When a Debtor chooses to liquidate under Chapter 7, he or she relinquishes all non-exempt property to a bankruptcy trustee. The Trustee, in turn, liquidates the property and distributes the proceeds (less his or her fee) to the Debtor’s unsecured creditors. In return, the Debtor is relieved of some or all of his or her debt. There are exceptions to the general rule on dischargeability of unsecured debt. If the Debtor engages in certain types of criminal or fraudulent behavior (e.g., concealing records), he or she may not receive a discharge. And certain types of debt (such as child support) may not be discharged under any circumstances.The value of property subject to exemption varies from state to state. Ohio’s exemption regime is exclusive and the use of federal exemptions is not permitted.As to the waiting period between bankruptcy cases, a Debtor must wait at least eight years after filing a Chapter 7 case before filing another Chapter 7 case (assuming there was a discharge of debt in the first case). However, that Debtor may file a Chapter 13 case at any time. All that matters in the second case is whether four years have passed since the first filing. If less than four years have passed, the Debtor can maintain the case but will not receive a discharge. Some Debtors jump into a Chapter 13 case after a Chapter 7 case for the sole purpose of saving their home from foreclosure.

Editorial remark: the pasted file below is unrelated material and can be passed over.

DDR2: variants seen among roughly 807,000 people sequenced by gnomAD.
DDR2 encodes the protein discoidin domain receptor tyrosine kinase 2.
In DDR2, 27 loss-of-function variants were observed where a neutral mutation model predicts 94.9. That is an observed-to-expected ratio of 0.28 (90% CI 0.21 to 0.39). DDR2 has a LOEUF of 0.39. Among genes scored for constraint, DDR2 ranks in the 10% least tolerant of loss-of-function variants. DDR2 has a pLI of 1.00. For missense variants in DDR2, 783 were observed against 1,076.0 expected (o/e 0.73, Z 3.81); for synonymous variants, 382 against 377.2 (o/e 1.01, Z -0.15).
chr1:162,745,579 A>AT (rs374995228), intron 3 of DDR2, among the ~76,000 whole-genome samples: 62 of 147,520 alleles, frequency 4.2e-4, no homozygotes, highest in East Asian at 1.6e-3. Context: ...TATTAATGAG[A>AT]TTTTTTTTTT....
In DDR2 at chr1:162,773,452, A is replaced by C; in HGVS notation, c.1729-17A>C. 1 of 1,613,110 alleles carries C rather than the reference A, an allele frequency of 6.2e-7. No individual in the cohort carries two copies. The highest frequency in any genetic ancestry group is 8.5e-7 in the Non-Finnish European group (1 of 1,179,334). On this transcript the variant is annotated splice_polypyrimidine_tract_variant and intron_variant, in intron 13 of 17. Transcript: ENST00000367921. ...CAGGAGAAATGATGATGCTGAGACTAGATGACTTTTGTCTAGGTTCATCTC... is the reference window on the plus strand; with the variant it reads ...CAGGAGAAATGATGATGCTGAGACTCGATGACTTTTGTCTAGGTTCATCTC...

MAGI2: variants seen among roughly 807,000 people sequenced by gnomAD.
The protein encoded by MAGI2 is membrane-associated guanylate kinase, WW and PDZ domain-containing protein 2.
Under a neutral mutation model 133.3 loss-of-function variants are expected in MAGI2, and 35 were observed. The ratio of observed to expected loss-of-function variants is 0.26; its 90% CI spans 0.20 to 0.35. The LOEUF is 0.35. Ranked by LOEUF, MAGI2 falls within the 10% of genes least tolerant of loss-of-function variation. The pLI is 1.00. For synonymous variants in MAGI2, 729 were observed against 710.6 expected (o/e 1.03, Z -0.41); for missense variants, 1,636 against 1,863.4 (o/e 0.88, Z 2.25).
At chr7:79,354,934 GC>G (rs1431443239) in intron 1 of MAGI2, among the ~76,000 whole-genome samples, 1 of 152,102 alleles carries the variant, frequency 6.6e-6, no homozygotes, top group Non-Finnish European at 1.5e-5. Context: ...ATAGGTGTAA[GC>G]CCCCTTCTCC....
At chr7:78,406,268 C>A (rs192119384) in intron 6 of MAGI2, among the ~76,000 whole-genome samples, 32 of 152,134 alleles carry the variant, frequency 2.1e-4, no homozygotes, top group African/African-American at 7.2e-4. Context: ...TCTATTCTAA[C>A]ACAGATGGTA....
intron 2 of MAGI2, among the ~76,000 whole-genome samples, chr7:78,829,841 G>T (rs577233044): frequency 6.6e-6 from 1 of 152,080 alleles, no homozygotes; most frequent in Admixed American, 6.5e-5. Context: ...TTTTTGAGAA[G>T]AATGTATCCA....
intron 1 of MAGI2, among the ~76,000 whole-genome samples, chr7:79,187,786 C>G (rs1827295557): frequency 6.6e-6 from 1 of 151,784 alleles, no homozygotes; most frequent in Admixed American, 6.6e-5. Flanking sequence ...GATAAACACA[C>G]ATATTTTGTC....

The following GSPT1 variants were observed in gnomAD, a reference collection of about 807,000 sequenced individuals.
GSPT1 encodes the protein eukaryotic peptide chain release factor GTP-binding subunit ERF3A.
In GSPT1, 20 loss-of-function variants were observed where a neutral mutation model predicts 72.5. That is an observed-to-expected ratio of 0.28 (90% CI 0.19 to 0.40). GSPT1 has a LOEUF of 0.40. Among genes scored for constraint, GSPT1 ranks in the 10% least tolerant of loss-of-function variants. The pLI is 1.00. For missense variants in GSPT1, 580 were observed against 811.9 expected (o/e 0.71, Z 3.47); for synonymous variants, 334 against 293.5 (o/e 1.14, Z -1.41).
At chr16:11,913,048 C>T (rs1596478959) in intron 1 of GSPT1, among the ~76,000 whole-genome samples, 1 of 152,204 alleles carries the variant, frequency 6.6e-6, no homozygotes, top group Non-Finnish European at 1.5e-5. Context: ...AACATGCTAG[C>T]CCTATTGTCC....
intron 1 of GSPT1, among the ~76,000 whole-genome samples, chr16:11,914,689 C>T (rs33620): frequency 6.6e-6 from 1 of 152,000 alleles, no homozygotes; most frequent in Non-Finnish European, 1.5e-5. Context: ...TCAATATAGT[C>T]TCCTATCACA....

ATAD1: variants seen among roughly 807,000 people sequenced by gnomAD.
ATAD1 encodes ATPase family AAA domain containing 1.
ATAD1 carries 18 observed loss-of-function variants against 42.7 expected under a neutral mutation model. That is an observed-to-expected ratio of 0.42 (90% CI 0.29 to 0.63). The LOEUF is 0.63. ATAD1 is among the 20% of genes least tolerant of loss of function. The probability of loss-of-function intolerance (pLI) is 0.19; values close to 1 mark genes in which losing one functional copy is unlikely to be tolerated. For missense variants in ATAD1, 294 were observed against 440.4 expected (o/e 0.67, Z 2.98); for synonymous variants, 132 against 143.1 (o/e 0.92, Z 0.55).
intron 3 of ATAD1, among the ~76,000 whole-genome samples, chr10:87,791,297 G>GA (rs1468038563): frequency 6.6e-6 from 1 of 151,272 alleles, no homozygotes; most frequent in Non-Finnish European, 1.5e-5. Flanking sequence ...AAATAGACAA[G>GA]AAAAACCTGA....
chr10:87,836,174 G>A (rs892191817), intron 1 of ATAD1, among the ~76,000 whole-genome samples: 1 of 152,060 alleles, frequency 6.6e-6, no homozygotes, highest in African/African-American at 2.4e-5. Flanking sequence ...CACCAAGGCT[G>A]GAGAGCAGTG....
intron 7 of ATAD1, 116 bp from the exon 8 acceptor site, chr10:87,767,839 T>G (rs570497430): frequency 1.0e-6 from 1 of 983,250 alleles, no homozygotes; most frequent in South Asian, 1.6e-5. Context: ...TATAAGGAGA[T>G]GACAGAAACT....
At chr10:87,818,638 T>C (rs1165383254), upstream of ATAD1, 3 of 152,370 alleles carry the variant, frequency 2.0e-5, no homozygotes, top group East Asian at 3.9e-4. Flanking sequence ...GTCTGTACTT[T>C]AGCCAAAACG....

But time alone is not the only consideration in deciding whether to file under Chapter 7 or Chapter 13. In 2005, Congress introduced a “means test” to determine whether a Debtor qualifies for Chapter 7 protection or must instead bring a case under Chapter 13.